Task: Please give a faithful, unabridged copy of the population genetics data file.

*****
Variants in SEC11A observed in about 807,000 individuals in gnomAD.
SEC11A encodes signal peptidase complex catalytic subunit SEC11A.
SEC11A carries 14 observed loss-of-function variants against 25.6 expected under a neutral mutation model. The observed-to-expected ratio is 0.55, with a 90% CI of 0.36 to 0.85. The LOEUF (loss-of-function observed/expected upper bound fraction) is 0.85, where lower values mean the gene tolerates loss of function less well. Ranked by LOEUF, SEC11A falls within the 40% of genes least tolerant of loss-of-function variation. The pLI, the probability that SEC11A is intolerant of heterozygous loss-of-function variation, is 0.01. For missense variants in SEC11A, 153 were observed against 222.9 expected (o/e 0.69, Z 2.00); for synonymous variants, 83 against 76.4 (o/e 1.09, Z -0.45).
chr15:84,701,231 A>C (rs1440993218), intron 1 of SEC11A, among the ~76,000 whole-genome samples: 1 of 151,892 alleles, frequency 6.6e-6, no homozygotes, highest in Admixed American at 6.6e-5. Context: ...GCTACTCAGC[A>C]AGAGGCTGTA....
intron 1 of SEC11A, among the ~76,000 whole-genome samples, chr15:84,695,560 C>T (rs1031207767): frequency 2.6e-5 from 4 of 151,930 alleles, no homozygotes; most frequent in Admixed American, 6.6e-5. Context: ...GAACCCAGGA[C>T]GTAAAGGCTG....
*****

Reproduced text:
Variants in SEC11A observed in about 807,000 individuals in gnomAD.
SEC11A encodes signal peptidase complex catalytic subunit SEC11A.
SEC11A carries 14 observed loss-of-function variants against 25.6 expected under a neutral mutation model. The observed-to-expected ratio is 0.55, with a 90% CI of 0.36 to 0.85. The LOEUF (loss-of-function observed/expected upper bound fraction) is 0.85, where lower values mean the gene tolerates loss of function less well. Ranked by LOEUF, SEC11A falls within the 40% of genes least tolerant of loss-of-function variation. The pLI, the probability that SEC11A is intolerant of heterozygous loss-of-function variation, is 0.01. For missense variants in SEC11A, 153 were observed against 222.9 expected (o/e 0.69, Z 2.00); for synonymous variants, 83 against 76.4 (o/e 1.09, Z -0.45).
chr15:84,701,231 A>C (rs1440993218), intron 1 of SEC11A, among the ~76,000 whole-genome samples: 1 of 151,892 alleles, frequency 6.6e-6, no homozygotes, highest in Admixed American at 6.6e-5. Context: ...GCTACTCAGC[A>C]AGAGGCTGTA....
intron 1 of SEC11A, among the ~76,000 whole-genome samples, chr15:84,695,560 C>T (rs1031207767): frequency 2.6e-5 from 4 of 151,930 alleles, no homozygotes; most frequent in Admixed American, 6.6e-5. Context: ...GAACCCAGGA[C>T]GTAAAGGCTG....